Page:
Yes it should connect to Crittenden. In fact RIT should build a road going south to it's campus. The intersection then will connect 3 colleges. This whole huge undeveloped area could take advantage of gov Coumo's tax free plan. When you look at this area on a map, it is such a no brainer to really get Rochester's economy going
welcome to little detroit.
School culture is everything. Without it, learning will be mediocre at best. Culture starts with relationships, clarity and in the case of student behavior, very firm policies and enforcement. Hearing the superintendent talk about "lost instructional time" was very telling. he obviously does not understand that school culture must be developed before quality instruction can happen. The school environment must be respectful and honest but also firm and consistent enforcement. The district has not cultivated caring school cultures and in fact, the mandates have worked against stability. Add this the reality that suspensions are considered taboo and you can see why things are out of control.
Many people will not want to hear this but a get tough approach to student behavior is needed. This is one place where the district can learn from charters. Unfortunately, leadership seems to be in a reactive state. Seeing the future and planning for it look like impossibilities right now. It is hard to set the table when you are being swallowed.
Let's take Bob P olhemus's logic and apply into the root of the problem of city schools-economic segregation. For decades the Republican controlled Monroe County Legislature , County Executive and their colleagues in town and village government have done nothing to increase economic opportunity for inner city residents, and everything in their power to isolate the most needy, resulting in the destruction of city neighborhoods and schools. "It seems obvious to me that "Ms. Brooks and her cronies" should be replaced by an executive and staff that is willing to work with all parties to implement innovative and meaningful changes in the system." Hmmm....like a county -wide schools sytem and mixed-income housing in the suburbs? "No other private or public enterprise would tolerate the continuance of officers during such a prolonged period of non-performance. Replacing "Ms. Brooks" cannot possibly have a negative impact on the schools." Mr. Polhemus, I would also hope that many concerned citizens would agree to take corrective action. "If it is really about the children, how could they not?"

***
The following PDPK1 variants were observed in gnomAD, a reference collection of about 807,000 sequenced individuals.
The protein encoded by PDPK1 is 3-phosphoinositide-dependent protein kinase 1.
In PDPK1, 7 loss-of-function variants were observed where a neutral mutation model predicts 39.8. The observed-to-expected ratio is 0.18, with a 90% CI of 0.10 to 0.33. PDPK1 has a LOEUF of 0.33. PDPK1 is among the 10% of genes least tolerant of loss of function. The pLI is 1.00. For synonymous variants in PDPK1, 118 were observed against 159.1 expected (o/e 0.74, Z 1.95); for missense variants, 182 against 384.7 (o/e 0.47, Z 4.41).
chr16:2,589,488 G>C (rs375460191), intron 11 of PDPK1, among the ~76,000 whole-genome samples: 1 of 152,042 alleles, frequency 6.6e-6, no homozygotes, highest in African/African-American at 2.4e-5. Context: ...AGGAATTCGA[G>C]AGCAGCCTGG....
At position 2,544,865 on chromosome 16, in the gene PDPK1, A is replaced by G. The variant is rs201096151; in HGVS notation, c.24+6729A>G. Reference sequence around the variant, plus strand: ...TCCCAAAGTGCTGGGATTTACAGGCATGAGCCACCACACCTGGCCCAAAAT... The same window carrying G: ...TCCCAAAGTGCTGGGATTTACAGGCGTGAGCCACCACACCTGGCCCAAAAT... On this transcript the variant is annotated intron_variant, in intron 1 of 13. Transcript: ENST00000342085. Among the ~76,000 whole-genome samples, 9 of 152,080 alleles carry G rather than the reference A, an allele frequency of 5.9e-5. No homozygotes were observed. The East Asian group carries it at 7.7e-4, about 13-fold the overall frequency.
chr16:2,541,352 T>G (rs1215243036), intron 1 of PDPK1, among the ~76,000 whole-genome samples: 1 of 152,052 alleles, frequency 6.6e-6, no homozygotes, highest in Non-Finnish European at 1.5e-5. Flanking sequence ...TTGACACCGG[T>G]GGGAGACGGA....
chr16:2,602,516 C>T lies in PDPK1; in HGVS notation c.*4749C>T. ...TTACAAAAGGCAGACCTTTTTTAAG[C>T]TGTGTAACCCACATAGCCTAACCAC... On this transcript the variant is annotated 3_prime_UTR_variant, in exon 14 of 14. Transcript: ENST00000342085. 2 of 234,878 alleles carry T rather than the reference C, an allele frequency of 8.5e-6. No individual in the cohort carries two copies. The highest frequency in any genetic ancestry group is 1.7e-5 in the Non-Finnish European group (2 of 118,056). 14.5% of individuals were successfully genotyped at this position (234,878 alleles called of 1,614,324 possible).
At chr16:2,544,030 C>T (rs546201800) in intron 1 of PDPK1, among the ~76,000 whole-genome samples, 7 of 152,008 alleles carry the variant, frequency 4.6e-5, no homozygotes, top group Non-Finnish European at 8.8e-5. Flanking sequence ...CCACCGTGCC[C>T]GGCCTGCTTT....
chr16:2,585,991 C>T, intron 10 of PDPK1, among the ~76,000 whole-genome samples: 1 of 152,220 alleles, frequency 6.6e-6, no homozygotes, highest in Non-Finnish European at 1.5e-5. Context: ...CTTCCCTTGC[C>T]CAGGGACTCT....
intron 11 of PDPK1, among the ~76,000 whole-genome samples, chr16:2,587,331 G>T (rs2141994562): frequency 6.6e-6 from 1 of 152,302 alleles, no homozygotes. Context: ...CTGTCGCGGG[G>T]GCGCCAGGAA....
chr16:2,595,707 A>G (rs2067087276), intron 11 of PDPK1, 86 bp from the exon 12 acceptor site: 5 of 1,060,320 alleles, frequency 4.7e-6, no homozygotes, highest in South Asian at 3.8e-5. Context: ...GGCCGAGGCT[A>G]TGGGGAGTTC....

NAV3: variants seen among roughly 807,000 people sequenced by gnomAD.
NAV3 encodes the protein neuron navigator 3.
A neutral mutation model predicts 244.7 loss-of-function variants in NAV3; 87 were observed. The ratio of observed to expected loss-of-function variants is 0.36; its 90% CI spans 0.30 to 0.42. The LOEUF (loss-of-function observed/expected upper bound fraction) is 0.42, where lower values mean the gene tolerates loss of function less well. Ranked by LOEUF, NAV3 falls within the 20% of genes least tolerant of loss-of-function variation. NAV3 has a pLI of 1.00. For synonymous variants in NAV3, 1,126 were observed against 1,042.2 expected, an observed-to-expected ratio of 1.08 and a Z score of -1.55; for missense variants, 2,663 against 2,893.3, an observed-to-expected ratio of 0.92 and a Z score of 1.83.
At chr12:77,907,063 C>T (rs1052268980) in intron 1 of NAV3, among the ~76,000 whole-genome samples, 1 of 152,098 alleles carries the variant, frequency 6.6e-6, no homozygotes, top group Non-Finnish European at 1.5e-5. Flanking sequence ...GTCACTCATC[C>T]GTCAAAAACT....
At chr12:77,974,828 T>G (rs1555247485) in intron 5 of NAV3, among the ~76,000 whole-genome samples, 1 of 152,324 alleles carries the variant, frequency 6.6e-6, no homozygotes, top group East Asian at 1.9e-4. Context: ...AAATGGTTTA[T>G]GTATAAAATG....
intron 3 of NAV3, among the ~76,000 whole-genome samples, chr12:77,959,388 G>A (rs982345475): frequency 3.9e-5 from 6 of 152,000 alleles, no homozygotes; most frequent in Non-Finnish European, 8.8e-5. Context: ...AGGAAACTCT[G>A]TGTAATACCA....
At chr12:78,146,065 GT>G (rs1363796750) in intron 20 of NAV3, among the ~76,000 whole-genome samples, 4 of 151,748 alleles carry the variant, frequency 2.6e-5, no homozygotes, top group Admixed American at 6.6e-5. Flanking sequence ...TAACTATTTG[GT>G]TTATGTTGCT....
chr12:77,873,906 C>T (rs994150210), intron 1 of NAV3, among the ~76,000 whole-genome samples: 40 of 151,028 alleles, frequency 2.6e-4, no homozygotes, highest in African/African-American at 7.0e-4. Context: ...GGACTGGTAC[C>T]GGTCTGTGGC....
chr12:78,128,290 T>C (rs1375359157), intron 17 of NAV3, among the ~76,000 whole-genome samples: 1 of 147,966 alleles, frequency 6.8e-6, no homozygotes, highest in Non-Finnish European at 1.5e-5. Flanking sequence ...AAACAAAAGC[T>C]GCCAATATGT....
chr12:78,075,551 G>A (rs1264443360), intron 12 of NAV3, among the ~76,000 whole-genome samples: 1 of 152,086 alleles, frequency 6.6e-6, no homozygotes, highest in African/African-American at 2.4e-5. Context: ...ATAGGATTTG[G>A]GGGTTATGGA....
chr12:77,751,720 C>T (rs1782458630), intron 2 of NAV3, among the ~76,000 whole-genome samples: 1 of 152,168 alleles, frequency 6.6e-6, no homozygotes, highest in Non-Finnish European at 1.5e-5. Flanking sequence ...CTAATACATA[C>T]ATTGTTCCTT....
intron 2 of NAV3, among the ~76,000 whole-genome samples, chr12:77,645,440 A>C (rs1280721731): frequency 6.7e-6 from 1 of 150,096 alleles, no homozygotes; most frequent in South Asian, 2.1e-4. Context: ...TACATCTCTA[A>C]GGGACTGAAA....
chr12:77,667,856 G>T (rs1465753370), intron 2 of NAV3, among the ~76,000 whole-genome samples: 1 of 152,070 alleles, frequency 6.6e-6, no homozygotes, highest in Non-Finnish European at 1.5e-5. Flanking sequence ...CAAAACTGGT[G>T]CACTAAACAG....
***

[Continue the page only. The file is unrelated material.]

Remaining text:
Another lame comparison to Detroit? Really? It might be time for an editor to retire and pass the torch to someone with vision. I completely agree with the situation with our towns, villages and splintered lack of vision. But there are incredible things taking place in Rochester these days. Downtown will be transformed in the next year. Inner Loop filled in. College Town, etc. But how did this happen? Most of it was driven by private sector investment and federal money. Detroit has no private investment.
Get a cup of coffee and take a long walk. You need a perspective shift.
And TONIGHT at the MuCCC there's a brief (about a half hour) dramatic reading of the dirtiest Elizabethan poem you could possibly hope to think of, "The Choice of Valentines" by Thomas Nashe.
Pay-what-you-will. 8:00 PM.
In the "Ghetto Rochester" link :23 is not Rochester, looks more like NYC - Lexington & E 131 St. Strange they would include it.